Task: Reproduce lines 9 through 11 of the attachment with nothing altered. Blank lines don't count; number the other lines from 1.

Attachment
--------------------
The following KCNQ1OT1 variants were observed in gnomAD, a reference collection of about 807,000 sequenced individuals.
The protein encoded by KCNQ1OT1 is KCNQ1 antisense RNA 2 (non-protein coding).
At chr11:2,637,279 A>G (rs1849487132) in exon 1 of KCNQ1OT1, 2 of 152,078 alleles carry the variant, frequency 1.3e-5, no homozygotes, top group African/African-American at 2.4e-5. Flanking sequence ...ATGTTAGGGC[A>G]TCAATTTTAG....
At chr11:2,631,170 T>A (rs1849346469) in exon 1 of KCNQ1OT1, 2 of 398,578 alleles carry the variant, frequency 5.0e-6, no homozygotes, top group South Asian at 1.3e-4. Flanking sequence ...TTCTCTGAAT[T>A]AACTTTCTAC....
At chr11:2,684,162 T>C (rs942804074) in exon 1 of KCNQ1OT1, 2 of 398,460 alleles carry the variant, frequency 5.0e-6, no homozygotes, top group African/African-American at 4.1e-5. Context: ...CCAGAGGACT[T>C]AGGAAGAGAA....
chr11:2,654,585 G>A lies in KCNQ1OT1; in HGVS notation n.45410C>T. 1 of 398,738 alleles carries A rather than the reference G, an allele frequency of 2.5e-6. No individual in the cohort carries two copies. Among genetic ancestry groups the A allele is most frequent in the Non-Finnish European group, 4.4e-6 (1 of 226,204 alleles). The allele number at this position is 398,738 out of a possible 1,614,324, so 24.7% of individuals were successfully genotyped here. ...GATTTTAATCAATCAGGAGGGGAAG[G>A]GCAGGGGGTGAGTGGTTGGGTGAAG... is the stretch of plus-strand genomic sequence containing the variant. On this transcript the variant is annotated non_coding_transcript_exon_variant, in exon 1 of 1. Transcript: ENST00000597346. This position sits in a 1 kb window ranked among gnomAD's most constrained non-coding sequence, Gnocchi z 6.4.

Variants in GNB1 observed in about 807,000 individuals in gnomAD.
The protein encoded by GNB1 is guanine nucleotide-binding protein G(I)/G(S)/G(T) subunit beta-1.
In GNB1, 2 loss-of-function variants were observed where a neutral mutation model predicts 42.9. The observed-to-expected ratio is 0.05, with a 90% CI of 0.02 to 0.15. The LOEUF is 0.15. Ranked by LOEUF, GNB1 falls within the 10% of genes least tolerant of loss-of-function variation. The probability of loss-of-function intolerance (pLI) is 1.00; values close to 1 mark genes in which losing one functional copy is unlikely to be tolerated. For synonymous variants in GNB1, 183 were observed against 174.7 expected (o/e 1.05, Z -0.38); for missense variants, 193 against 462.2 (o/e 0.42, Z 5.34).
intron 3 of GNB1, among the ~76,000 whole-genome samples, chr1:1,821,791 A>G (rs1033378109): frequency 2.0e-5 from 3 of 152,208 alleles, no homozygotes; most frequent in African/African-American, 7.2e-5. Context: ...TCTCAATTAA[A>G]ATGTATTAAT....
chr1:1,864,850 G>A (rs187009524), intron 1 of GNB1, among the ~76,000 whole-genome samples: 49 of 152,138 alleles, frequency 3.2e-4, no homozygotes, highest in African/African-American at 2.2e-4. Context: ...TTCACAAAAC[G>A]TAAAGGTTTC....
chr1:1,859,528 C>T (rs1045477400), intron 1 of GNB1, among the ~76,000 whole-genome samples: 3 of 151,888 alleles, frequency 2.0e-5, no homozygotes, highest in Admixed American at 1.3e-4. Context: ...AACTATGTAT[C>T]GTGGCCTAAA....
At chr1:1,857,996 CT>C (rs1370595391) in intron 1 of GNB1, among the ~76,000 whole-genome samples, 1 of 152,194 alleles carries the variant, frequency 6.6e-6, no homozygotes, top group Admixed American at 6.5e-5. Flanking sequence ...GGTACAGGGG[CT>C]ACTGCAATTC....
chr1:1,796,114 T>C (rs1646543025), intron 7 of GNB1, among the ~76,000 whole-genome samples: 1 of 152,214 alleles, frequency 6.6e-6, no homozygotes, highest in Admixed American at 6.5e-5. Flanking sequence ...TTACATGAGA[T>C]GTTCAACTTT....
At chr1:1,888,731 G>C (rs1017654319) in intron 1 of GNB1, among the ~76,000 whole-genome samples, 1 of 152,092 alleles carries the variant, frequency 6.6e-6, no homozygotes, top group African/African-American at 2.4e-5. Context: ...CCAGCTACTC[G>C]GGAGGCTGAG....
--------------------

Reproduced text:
In GNB1, 2 loss-of-function variants were observed where a neutral mutation model predicts 42.9. The observed-to-expected ratio is 0.05, with a 90% CI of 0.02 to 0.15. The LOEUF is 0.15. Ranked by LOEUF, GNB1 falls within the 10% of genes least tolerant of loss-of-function variation. The probability of loss-of-function intolerance (pLI) is 1.00; values close to 1 mark genes in which losing one functional copy is unlikely to be tolerated. For synonymous variants in GNB1, 183 were observed against 174.7 expected (o/e 1.05, Z -0.38); for missense variants, 193 against 462.2 (o/e 0.42, Z 5.34).
intron 3 of GNB1, among the ~76,000 whole-genome samples, chr1:1,821,791 A>G (rs1033378109): frequency 2.0e-5 from 3 of 152,208 alleles, no homozygotes; most frequent in African/African-American, 7.2e-5. Context: ...TCTCAATTAA[A>G]ATGTATTAAT....
chr1:1,864,850 G>A (rs187009524), intron 1 of GNB1, among the ~76,000 whole-genome samples: 49 of 152,138 alleles, frequency 3.2e-4, no homozygotes, highest in African/African-American at 2.2e-4. Context: ...TTCACAAAAC[G>A]TAAAGGTTTC....